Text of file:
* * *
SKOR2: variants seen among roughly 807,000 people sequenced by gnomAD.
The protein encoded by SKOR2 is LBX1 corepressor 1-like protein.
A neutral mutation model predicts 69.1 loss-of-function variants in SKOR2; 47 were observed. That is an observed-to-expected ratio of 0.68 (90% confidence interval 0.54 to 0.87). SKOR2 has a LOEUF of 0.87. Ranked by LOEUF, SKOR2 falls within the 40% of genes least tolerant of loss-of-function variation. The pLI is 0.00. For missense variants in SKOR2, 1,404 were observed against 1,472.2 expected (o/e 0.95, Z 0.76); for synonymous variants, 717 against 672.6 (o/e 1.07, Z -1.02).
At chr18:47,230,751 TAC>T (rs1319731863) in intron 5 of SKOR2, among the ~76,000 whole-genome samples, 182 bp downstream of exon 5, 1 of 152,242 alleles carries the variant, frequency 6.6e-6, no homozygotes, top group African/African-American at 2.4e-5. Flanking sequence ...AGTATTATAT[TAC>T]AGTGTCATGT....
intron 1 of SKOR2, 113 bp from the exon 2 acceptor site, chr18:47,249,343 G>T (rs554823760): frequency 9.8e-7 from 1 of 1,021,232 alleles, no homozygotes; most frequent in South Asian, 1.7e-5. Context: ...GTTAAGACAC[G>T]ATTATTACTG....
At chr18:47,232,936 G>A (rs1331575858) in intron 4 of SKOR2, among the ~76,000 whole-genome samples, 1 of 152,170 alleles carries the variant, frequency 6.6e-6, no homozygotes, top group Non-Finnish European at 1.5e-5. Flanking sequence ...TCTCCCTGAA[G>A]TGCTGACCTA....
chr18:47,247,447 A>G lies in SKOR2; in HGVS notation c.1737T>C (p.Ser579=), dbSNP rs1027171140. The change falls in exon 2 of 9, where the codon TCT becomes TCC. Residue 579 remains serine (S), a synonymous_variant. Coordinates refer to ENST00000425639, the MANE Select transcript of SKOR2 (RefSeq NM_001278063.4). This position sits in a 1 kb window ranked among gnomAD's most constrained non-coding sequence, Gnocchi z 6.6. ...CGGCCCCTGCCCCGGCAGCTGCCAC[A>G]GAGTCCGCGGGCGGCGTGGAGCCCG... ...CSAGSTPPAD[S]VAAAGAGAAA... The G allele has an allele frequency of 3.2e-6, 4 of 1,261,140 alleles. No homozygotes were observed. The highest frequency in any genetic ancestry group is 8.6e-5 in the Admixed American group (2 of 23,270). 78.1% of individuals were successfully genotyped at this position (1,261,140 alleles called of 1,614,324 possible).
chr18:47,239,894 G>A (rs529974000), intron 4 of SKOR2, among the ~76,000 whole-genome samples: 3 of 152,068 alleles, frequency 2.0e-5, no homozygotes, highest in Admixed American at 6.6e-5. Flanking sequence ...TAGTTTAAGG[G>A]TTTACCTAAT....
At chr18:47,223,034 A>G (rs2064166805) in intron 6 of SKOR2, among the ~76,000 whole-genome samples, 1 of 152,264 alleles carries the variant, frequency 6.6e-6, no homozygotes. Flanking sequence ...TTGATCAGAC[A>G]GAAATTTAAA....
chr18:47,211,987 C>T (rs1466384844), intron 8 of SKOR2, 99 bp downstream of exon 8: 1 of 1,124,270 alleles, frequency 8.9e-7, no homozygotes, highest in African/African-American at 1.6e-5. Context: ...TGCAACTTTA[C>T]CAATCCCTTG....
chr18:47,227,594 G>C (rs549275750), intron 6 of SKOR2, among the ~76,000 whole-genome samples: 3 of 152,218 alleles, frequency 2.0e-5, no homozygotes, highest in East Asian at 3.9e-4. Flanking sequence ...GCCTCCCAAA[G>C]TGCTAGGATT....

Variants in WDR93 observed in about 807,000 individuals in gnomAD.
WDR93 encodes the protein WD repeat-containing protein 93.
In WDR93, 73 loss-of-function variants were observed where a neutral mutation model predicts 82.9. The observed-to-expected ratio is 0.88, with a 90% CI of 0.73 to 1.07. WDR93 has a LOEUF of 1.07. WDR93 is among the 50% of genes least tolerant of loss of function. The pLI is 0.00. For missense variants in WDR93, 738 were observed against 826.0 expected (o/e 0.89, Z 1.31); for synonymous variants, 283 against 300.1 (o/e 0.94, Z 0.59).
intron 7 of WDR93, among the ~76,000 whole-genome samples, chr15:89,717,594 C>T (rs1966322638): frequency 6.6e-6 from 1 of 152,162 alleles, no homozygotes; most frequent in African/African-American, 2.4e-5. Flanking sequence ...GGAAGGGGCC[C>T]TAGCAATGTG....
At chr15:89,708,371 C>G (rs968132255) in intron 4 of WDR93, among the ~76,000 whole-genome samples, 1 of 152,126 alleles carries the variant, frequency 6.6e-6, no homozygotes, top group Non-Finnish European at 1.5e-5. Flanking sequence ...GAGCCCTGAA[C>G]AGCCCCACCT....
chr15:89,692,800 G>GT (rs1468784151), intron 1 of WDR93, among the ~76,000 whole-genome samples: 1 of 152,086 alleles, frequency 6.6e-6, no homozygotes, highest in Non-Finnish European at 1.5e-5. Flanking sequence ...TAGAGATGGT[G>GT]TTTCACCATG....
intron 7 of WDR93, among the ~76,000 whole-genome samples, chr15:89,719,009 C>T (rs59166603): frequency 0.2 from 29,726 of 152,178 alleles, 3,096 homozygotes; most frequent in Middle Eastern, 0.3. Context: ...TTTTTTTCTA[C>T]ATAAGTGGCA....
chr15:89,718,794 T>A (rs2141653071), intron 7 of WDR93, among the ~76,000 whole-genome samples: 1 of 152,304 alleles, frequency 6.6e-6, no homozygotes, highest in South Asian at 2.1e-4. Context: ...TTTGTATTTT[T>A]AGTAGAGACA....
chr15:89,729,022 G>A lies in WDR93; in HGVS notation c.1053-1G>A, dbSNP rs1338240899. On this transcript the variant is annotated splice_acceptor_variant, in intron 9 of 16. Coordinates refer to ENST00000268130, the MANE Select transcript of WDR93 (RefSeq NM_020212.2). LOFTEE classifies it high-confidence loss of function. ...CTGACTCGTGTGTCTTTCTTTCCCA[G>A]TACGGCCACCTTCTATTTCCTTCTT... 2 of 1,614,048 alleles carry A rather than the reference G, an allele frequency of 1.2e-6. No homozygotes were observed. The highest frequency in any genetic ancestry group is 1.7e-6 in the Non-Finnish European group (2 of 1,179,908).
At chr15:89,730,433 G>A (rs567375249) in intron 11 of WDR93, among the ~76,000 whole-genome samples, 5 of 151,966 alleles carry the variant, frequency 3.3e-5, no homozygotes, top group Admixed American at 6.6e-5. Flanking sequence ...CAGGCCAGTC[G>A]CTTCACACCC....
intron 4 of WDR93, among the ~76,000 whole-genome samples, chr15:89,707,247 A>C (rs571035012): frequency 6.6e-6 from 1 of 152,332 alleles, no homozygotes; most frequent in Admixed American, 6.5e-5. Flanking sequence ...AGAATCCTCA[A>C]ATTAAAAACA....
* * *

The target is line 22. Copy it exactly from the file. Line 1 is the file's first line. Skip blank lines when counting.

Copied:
intron 4 of WDR93, among the ~76,000 whole-genome samples, chr15:89,707,247 A>C (rs571035012): frequency 6.6e-6 from 1 of 152,332 alleles, no homozygotes; most frequent in Admixed American, 6.5e-5. Flanking sequence ...AGAATCCTCA[A>C]ATTAAAAACA....